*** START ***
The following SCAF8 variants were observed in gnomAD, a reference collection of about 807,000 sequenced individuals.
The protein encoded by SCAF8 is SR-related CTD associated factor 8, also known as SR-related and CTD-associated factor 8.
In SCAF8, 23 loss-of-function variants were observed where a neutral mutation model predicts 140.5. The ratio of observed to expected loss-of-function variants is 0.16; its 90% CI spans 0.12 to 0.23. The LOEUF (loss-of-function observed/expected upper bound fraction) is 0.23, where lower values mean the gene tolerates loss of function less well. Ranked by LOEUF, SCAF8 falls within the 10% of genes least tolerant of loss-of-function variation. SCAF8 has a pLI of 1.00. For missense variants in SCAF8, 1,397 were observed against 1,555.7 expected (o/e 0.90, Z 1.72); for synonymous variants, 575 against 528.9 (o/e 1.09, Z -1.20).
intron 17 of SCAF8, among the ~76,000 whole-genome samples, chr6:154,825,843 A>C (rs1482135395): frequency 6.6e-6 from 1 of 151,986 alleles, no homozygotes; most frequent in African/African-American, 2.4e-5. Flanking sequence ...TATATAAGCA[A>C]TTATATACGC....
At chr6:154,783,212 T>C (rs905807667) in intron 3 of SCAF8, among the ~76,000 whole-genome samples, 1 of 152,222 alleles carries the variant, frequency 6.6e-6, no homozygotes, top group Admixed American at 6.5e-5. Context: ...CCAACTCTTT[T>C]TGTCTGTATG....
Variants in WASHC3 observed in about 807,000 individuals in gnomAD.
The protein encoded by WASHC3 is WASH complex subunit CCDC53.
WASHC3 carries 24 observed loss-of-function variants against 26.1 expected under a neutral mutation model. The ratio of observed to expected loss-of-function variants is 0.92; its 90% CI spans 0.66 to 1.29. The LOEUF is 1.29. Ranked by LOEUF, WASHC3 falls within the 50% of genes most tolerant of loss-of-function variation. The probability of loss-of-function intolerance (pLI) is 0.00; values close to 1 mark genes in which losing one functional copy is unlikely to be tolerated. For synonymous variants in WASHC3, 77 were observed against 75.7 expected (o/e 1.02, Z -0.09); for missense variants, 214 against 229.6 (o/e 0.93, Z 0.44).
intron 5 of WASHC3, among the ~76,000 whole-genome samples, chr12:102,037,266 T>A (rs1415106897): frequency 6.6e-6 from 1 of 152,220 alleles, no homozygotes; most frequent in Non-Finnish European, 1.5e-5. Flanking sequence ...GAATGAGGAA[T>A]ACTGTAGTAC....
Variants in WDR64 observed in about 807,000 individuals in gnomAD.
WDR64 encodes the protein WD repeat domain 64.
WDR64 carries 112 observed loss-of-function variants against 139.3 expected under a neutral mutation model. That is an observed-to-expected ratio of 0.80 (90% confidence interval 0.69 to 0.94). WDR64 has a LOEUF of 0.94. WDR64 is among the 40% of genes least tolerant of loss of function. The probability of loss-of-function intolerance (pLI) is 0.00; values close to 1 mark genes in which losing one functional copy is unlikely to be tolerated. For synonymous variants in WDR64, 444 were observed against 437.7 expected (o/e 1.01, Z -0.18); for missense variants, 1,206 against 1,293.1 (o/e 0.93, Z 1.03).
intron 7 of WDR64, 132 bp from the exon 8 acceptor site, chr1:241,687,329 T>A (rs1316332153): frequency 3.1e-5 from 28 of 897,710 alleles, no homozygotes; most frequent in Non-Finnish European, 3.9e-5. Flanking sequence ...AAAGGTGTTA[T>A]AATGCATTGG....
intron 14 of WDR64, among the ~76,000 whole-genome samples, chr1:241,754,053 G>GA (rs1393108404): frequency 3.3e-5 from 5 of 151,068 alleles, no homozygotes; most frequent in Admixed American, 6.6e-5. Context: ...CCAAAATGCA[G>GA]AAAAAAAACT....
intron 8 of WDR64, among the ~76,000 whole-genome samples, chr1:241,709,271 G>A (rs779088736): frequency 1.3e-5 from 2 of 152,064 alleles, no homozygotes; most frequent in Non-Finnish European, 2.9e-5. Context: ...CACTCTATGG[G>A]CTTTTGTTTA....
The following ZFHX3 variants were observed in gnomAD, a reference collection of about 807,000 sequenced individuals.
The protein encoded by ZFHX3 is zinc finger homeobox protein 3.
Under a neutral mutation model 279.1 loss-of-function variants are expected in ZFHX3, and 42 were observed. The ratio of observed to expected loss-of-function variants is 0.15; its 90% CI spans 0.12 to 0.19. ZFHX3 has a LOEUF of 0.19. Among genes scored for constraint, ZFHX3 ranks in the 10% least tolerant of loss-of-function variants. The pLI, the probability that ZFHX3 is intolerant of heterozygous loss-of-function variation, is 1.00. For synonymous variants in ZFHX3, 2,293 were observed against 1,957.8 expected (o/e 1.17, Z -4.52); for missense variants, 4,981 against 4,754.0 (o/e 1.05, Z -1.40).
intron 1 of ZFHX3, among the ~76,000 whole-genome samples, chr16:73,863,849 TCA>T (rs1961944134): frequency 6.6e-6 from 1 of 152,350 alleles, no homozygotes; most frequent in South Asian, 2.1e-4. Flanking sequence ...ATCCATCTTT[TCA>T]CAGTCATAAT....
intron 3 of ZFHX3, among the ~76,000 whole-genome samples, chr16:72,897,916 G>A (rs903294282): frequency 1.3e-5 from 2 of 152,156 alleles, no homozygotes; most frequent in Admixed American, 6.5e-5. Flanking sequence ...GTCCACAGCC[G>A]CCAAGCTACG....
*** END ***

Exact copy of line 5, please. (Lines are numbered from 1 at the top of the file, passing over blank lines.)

At chr6:154,783,212 T>C (rs905807667) in intron 3 of SCAF8, among the ~76,000 whole-genome samples, 1 of 152,222 alleles carries the variant, frequency 6.6e-6, no homozygotes, top group Admixed American at 6.5e-5. Context: ...CCAACTCTTT[T>C]TGTCTGTATG....